Weird Universe Archive

September 2020

September 20, 2020

Subjective Color

July 25, 1967: During its broadcast of the TV series Combat!, ABC aired a commercial for a soft-drink called Squirt. The commercial appeared in color. What made this unusual is that it appeared in color even on black-and-white TV sets.



The commercial used a technology developed by the Color-Tel Corp., and patented by James Butterfield, that used pulses of light to trick the brain into thinking that it was seeing color. Butterfield described this as "subjective color".

The company had informed the media before the broadcast, but most people didn't know it was going to happen, and so they thought they were going nuts when they suddenly saw flashes of color on their black-and-white sets.

Detroit Free Press - Sep 14, 1967



The technology had some limitations. It could only be used for still images. Also, the colors were muted and flickered a lot. But the really big problem was that the technology emerged just as color TVs were becoming popular. So it was a clever gimmick that no longer had much practical purpose.

More info: Chronicles from the Analog Age Blog

Also worth noting: the idea of being able to see color images on a black-and-white set was the premise of a famous April Fool's Day hoax that occurred in 1962 in Sweden.

Posted By: Alex - Sun Sep 20, 2020 - Comments (0)
Category: Inventions, Television, 1960s

Follies of the Madmen #488

Induces gagging sensations of sipping tobacco-flavored drink.



Source.

Posted By: Paul - Sun Sep 20, 2020 - Comments (0)
Category: Business, Advertising, Tobacco and Smoking, 1960s, Nausea, Revulsion and Disgust

September 19, 2020

Diaper-Rash Doll



Jackson Sun - Oct 11, 1978

Posted By: Alex - Sat Sep 19, 2020 - Comments (0)
Category: Toys, 1970s

Birth of the Pearl

Posted By: Paul - Sat Sep 19, 2020 - Comments (0)
Category: Movies, Sexuality, Myths and Fairytales, 1900s, Women

September 18, 2020

For Farrah Fanatics

Offered for sale at the height of the Farrah Fawcett mania in the late 1970s — an "authentic deed to a small piece of land that was Farrah Fawcett's early childhood home in Corpus Christi." Only $4.95 each!

The ad doesn't say, but the amount of land a purchaser received a deed to was exactly one square centimeter.

Texas Monthly - Jan 1978



The entrepreneur behind the scheme was Corpus Christi realtor Sam Allen who dreamed up the idea when he learned that a house Farrah had lived in as a child was up for sale.

Fort Worth Star-Telegram - Mar 5, 1978



So what was the address of the house? I'm not sure, because Farrah lived in four different houses in Corpus Christi, and Allen didn't reveal which house it was, saying that he didn't want treasure hunters damaging it. Two of those houses have sold in the past ten years.

I don't know enough about real estate law to know how, or if, his sale of all these micro-deeds would have affected if the house could ever be sold again. Could the house be sitting empty to this day because random people still own various square-centimeter pieces of it? I'm guessing not. Any claim to ownership must have lapsed if they didn't pay property taxes.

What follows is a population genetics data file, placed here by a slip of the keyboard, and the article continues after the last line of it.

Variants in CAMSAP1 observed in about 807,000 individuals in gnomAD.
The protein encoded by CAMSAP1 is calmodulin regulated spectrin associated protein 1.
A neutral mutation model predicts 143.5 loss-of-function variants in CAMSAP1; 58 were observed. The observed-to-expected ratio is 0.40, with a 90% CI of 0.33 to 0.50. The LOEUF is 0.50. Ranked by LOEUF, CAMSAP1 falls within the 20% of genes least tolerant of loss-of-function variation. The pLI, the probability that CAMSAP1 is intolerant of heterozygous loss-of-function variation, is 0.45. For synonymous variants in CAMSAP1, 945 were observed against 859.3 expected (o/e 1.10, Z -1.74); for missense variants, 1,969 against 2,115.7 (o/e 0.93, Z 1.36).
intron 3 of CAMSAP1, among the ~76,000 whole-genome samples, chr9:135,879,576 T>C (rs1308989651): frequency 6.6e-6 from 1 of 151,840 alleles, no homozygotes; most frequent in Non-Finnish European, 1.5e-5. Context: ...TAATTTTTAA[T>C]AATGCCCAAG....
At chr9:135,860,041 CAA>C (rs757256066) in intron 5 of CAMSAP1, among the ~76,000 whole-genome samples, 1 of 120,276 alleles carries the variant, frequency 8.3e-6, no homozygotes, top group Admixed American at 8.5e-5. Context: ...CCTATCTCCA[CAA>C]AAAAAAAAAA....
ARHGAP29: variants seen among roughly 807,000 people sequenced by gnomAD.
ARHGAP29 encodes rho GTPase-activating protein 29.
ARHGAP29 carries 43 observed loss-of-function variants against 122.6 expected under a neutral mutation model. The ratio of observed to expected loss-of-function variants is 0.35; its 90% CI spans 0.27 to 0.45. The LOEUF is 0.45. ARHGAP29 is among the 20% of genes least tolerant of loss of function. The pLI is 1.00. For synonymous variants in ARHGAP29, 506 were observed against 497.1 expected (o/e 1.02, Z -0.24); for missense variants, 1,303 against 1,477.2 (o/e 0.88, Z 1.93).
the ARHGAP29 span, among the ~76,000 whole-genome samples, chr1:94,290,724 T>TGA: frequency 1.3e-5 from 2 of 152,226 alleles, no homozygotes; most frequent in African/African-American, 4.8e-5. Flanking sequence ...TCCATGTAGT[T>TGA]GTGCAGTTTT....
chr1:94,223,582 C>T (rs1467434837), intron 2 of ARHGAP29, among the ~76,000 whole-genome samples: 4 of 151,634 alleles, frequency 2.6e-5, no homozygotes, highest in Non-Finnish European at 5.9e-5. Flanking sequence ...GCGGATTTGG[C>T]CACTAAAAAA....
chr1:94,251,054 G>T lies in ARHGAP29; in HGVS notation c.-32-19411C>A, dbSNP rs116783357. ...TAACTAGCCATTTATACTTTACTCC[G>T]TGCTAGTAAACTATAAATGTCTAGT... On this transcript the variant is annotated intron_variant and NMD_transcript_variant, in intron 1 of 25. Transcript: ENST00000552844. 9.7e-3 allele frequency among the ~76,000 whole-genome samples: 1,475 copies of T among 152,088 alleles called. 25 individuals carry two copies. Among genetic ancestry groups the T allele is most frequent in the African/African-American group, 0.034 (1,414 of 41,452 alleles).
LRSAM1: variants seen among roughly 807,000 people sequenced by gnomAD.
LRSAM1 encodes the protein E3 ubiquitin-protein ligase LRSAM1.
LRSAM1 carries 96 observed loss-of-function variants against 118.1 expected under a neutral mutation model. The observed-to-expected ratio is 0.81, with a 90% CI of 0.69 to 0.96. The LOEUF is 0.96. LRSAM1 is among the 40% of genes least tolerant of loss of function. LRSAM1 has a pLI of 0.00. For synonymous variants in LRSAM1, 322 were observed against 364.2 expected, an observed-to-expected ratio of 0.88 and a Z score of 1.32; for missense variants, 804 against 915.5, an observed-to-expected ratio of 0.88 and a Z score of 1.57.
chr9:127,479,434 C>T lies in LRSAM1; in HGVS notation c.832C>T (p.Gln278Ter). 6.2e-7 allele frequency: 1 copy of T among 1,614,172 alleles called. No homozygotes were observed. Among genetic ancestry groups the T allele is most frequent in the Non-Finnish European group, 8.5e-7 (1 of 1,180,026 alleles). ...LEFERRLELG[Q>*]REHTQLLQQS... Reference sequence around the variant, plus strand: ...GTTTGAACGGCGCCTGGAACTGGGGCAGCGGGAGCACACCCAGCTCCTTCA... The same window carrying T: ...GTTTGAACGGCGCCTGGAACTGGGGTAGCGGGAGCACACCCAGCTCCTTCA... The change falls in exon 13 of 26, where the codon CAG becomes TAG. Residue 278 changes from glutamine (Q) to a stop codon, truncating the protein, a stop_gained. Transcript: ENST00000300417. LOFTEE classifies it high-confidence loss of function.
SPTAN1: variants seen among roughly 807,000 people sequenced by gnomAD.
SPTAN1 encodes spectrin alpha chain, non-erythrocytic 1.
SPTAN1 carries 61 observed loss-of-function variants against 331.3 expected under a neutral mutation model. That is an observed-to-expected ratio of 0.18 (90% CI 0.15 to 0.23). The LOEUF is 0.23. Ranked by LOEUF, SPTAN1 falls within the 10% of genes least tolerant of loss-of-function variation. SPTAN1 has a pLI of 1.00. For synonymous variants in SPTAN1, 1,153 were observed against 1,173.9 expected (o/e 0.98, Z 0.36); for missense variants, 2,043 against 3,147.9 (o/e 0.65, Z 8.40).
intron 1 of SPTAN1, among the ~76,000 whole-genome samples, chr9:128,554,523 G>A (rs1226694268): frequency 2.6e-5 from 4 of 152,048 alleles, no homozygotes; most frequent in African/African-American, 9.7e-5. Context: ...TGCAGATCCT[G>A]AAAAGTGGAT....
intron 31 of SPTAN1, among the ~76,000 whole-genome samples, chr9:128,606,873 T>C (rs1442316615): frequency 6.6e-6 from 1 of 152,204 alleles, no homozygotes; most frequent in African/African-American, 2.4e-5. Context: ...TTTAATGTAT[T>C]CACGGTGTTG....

Farrah Fawcett in 8th grade



Other examples of Farrah-Mania we've posted about: Ferrous Faucets and Farrah Fawcett Lookalike Contest Winners.

Posted By: Alex - Fri Sep 18, 2020 - Comments (5)
Category: Celebrities, Real Estate, 1970s

Playing the Serpent

One of our weirder musical instruments.

A site devoted to the serpent.





Posted By: Paul - Fri Sep 18, 2020 - Comments (0)
Category: Music

September 17, 2020

Killed by oranges

Weird way to die — Ingrid Kerztin was walking by the side of the road, minding her own business, when suddenly 16 tons of oranges landed on top of her, crushing her to death.

New York Daily News - July 5, 1984

Posted By: Alex - Thu Sep 17, 2020 - Comments (4)
Category: Death, 1980s

Forkola Jell

"Old Doc Forkola" is a most unfortunate moniker. But was there anything that Forkola Jell couldn't do? Or should we ask, Was there anything that Forkola Jell could do?!?











Source of text.

Posted By: Paul - Thu Sep 17, 2020 - Comments (4)
Category: Frauds, Cons and Scams, Patent Medicines, Nostrums and Snake Oil, Twentieth Century

September 16, 2020

The Great Beauty Contest of Life

"Whatever you do—wherever you go—you are in a Beauty Contest."

Kansas City Times - Mar 12, 1932



Posted By: Alex - Wed Sep 16, 2020 - Comments (2)
Category: Beauty, Ugliness and Other Aesthetic Issues, Advertising, 1930s

Music Beamed to Astronauts

This NPR feature describes how Mission Control had a tradition of waking up orbiting astronauts with music. But as you can see in the second piece, the playlist was even more extensive at one time.









Source of text.

Posted By: Paul - Wed Sep 16, 2020 - Comments (0)
Category: Music, Spaceflight, Astronautics, and Astronomy, 1960s

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Alex Boese
Alex is the creator and curator of the Museum of Hoaxes. He's also the author of various weird, non-fiction books such as Elephants on Acid.

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Paul has been paid to put weird ideas into fictional form for over thirty years, in his career as a noted science fiction writer. He has recently begun blogging on many curious topics with three fellow writers at The Inferior 4+1.

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